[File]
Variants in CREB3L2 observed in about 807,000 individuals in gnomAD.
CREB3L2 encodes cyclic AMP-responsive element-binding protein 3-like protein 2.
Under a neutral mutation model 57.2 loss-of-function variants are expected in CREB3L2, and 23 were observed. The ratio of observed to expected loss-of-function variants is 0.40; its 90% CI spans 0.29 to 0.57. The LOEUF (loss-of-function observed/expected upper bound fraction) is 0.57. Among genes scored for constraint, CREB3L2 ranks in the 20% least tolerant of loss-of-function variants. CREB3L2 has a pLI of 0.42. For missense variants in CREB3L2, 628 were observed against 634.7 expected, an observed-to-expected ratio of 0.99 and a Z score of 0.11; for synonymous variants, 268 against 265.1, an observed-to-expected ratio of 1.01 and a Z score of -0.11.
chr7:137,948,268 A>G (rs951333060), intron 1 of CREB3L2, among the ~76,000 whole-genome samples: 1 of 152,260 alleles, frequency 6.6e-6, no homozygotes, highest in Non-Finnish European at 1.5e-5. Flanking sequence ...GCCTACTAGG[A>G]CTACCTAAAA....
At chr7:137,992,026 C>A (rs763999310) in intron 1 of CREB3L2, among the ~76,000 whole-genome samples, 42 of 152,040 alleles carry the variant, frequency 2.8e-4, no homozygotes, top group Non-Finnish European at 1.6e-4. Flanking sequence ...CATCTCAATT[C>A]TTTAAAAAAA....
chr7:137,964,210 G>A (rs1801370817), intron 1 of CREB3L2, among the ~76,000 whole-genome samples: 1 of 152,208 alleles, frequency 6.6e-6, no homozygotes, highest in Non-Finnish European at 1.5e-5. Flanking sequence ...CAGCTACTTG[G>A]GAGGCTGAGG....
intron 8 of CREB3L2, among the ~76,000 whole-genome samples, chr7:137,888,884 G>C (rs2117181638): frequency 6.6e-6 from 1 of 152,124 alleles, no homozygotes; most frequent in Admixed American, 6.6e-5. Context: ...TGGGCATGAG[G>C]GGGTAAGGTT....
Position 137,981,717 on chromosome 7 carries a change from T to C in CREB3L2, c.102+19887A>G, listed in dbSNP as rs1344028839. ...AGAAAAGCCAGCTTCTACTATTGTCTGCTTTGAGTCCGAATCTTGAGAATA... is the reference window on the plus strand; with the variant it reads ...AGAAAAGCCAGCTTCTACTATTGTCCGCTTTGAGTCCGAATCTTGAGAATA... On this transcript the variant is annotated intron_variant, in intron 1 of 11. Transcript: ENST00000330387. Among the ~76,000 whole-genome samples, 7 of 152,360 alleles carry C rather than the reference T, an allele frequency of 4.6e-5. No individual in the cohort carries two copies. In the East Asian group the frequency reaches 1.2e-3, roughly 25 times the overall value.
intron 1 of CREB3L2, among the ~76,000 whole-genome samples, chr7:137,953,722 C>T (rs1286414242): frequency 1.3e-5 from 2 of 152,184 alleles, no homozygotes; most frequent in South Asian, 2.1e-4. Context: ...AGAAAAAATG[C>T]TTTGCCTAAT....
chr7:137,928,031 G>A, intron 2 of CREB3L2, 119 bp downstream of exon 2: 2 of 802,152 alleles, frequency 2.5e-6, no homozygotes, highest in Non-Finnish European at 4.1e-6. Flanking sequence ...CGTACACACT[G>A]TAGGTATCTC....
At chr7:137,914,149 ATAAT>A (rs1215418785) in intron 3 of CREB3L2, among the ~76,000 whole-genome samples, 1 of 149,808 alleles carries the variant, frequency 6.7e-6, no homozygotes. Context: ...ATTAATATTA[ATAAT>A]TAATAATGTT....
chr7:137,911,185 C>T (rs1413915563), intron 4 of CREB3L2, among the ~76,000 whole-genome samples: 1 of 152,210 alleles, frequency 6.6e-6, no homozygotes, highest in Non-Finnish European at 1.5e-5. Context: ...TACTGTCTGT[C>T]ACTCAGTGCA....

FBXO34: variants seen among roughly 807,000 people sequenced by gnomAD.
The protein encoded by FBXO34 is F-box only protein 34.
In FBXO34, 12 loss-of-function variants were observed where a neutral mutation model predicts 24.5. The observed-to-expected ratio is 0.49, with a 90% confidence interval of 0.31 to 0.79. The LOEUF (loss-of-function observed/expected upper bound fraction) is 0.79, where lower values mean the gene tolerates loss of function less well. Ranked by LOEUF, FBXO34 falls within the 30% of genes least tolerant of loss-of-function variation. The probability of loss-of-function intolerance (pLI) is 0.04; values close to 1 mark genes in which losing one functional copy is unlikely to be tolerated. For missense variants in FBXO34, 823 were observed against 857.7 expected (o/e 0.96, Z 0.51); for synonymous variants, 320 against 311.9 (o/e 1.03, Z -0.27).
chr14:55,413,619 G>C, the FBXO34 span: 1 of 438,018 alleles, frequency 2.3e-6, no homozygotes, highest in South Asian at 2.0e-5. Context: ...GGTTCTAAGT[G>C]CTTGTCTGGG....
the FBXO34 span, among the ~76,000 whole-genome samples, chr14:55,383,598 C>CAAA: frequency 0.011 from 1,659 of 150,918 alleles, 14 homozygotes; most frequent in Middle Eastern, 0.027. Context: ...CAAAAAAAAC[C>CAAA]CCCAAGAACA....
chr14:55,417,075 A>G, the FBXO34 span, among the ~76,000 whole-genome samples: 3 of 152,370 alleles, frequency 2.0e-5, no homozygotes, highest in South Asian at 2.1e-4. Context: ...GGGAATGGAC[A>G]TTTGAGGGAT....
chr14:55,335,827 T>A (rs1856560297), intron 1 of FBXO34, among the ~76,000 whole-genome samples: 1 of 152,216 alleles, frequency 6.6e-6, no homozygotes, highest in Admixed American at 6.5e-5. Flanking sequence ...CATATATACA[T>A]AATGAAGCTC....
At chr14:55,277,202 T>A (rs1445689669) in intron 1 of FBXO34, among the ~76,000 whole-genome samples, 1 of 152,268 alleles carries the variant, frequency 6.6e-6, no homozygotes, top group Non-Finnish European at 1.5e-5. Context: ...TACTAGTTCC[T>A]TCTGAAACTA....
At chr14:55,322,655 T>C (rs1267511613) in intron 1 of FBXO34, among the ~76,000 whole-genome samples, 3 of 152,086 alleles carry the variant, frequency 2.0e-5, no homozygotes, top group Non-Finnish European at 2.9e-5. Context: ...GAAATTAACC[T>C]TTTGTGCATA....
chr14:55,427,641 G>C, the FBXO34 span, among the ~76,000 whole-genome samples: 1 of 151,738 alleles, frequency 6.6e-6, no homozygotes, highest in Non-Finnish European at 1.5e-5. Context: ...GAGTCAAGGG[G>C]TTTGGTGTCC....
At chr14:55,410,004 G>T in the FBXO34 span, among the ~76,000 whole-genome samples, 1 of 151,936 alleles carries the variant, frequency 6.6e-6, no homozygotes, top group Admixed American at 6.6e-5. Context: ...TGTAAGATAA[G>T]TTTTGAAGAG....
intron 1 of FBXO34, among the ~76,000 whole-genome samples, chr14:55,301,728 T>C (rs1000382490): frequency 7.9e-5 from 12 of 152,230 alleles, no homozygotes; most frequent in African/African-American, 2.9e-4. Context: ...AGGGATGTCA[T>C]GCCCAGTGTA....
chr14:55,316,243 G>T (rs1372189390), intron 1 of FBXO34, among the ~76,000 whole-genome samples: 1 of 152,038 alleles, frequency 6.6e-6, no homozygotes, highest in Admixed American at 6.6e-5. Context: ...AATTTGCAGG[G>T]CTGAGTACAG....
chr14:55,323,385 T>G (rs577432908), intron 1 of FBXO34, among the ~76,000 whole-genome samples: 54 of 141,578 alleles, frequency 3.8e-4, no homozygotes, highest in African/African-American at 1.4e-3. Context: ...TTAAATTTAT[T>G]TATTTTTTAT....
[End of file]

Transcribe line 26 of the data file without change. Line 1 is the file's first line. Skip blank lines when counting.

chr14:55,323,385 T>G (rs577432908), intron 1 of FBXO34, among the ~76,000 whole-genome samples: 54 of 141,578 alleles, frequency 3.8e-4, no homozygotes, highest in African/African-American at 1.4e-3. Context: ...TTAAATTTAT[T>G]TATTTTTTAT....